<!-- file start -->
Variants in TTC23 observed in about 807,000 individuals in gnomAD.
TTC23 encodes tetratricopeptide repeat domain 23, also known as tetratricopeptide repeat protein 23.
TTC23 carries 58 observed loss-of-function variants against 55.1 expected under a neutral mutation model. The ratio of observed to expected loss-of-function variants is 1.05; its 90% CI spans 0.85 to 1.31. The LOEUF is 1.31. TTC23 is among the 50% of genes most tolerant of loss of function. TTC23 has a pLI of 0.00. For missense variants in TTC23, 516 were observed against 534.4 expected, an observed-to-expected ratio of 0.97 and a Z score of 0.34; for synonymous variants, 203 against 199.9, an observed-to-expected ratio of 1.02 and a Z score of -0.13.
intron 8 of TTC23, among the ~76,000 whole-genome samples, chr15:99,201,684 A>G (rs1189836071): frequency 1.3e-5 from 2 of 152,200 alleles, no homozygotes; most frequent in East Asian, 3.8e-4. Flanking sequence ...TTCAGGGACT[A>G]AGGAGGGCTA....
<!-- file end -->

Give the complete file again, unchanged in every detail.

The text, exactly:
Variants in TTC23 observed in about 807,000 individuals in gnomAD.
TTC23 encodes tetratricopeptide repeat domain 23, also known as tetratricopeptide repeat protein 23.
TTC23 carries 58 observed loss-of-function variants against 55.1 expected under a neutral mutation model. The ratio of observed to expected loss-of-function variants is 1.05; its 90% CI spans 0.85 to 1.31. The LOEUF is 1.31. TTC23 is among the 50% of genes most tolerant of loss of function. TTC23 has a pLI of 0.00. For missense variants in TTC23, 516 were observed against 534.4 expected, an observed-to-expected ratio of 0.97 and a Z score of 0.34; for synonymous variants, 203 against 199.9, an observed-to-expected ratio of 1.02 and a Z score of -0.13.
intron 8 of TTC23, among the ~76,000 whole-genome samples, chr15:99,201,684 A>G (rs1189836071): frequency 1.3e-5 from 2 of 152,200 alleles, no homozygotes; most frequent in East Asian, 3.8e-4. Flanking sequence ...TTCAGGGACT[A>G]AGGAGGGCTA....